The easiest way to tell whether you need to replace your brake pads is in the following ways:

  • Your warning indicator light comes on
  • You can feel the brake pedal vibrate when you step down
  • You hear a grinding or squeaking sound when you hit the brakes
  • It takes a longer time for your car to come to a stop when you step on the brake pedal

Brand-new brake pads will measure 8–10 millimeters (mm) in the rear and 12 mm in the front axle. You must replace the brake pads immediately when they are less than 3 mm.

Ask your auto repair shop technicians to check the brake pads during your oil change, especially if you’re coming up to the appropriate mileage for a replacement. You can hold off on a replacement if the brake pads are around 4–6 mm and budget for it instead. 

What Happens if You Don’t Replace Your Brake Pads?

In August 2020, 12% of 43,565 commercial cars were cited with brake violations. This is particularly concerning, considering brake-related issues accounted for 22% of vehicle crashes in 2015. The last thing you want is to put yourself or other drivers at risk because you have faulty brake pads. 

The longer you wait to replace your brake pads, the greater the risk of rotor damage — leading to higher brake pad replacement costs. Likewise, worn brake pads could cause the rotors to overheat, leading to them exploding and damaging other car parts.

Perhaps the worst outcome would be your vehicle doesn’t stop when you need it to, such as driving downhill or on the highway. Many people have experienced stepping down on the brake pedal only for the car to keep moving.

Make Your Brake Pads Last Longer

You can increase your brake pads’ life span and ensure optimal driving safety in a few ways. For one thing, paying attention to manufacturer recalls could be a matter of life or death.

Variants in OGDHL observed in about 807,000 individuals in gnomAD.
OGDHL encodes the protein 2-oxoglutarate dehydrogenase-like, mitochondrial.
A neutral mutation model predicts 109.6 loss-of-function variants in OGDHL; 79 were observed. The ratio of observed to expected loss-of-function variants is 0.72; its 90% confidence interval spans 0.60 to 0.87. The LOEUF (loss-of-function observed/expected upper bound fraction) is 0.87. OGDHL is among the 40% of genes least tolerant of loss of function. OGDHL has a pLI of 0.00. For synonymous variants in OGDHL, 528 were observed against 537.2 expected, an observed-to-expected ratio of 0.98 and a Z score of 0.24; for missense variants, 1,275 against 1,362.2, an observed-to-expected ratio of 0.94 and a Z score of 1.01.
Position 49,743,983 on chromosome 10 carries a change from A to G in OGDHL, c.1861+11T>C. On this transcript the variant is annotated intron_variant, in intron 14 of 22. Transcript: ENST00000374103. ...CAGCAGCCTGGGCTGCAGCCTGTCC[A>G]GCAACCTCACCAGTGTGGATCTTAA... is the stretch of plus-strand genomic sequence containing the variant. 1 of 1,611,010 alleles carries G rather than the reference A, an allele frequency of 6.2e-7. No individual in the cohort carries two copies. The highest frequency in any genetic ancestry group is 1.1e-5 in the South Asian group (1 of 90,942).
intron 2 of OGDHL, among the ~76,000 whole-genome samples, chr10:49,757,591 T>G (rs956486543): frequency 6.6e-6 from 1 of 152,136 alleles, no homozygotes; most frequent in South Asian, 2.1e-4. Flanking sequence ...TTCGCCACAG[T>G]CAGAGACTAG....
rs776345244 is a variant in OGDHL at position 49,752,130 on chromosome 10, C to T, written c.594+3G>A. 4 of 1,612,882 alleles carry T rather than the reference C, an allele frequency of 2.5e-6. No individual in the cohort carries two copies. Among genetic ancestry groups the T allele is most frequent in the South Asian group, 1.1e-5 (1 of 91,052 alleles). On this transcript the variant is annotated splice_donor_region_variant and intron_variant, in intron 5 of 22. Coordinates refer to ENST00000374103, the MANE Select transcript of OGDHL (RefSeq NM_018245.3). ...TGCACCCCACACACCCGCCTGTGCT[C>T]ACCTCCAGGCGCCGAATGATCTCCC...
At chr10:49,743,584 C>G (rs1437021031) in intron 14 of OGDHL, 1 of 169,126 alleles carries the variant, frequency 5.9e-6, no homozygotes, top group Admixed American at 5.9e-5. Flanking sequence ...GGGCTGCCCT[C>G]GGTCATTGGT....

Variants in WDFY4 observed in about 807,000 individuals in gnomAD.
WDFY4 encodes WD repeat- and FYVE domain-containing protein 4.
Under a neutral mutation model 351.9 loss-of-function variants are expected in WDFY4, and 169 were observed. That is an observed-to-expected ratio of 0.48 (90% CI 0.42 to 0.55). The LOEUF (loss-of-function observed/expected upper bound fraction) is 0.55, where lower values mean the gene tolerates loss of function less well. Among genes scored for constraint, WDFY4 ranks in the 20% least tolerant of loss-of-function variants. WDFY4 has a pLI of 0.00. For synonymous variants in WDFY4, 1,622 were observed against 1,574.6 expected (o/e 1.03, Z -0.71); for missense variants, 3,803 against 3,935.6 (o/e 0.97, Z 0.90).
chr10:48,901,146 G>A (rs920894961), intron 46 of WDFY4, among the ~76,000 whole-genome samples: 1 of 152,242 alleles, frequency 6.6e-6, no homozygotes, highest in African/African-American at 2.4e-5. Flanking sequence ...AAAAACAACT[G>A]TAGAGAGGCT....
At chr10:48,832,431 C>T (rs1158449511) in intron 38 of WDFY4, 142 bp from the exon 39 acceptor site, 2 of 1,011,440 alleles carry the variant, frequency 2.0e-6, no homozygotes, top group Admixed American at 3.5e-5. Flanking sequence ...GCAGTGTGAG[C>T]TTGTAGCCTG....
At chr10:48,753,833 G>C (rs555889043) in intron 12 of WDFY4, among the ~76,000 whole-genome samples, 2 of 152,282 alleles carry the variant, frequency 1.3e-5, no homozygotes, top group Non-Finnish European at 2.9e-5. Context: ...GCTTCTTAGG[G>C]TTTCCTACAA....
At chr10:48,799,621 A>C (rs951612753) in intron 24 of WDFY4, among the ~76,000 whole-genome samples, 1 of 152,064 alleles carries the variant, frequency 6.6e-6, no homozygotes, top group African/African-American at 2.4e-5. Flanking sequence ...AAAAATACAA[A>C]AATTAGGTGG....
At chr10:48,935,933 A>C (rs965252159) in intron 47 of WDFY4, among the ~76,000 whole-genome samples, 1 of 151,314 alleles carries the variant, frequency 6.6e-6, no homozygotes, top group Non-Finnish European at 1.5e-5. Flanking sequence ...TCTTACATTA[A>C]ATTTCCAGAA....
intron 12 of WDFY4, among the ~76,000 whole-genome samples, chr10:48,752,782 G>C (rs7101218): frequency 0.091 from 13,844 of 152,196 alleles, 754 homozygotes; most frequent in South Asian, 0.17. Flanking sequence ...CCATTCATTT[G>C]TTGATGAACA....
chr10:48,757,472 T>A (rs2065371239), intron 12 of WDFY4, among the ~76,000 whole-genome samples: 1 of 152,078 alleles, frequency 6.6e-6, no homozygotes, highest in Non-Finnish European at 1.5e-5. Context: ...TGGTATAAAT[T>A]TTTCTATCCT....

Some of the biggest auto recalls in history have saved ample lives. For example, Toyota recalled 9 million cars in 2010 when a faulty gas pedal led to 89 deaths and 57 injuries.

Other ways to prevent excessive wear and tear on your brake pads include the following:

  • Avoid braking abruptly from high-speed movement — bring your vehicle to a stop slowly.
  • Avoid “brake taps” — when you step on the brake and accelerator simultaneously. 
  • Start stopping your vehicle further back when you see a red light in the distance — the closer you are, the harder you’ll need to step on the brake.
  • Do not weigh your car with objects — this will add pressure to your brakes.
  • Lower your speed by coasting before stepping on the brakes.

Likewise, you should flush your brakes every three years or 35,000–60,000 miles, whichever comes first. Flushing your brakes prevents brake fading and future wheel cylinder issues. A good flushing also improves brake performance, in general.

Brake Pad Replacements Are Common Sense Vehicle Safety

You may not want to dish out brake pad replacement costs, but doing so will ensure safer driving. After all, getting caught without working brakes could put your life at risk. Use common sense and get your brake pads checked. If it’s been some time, be prepared to budget for their replacement.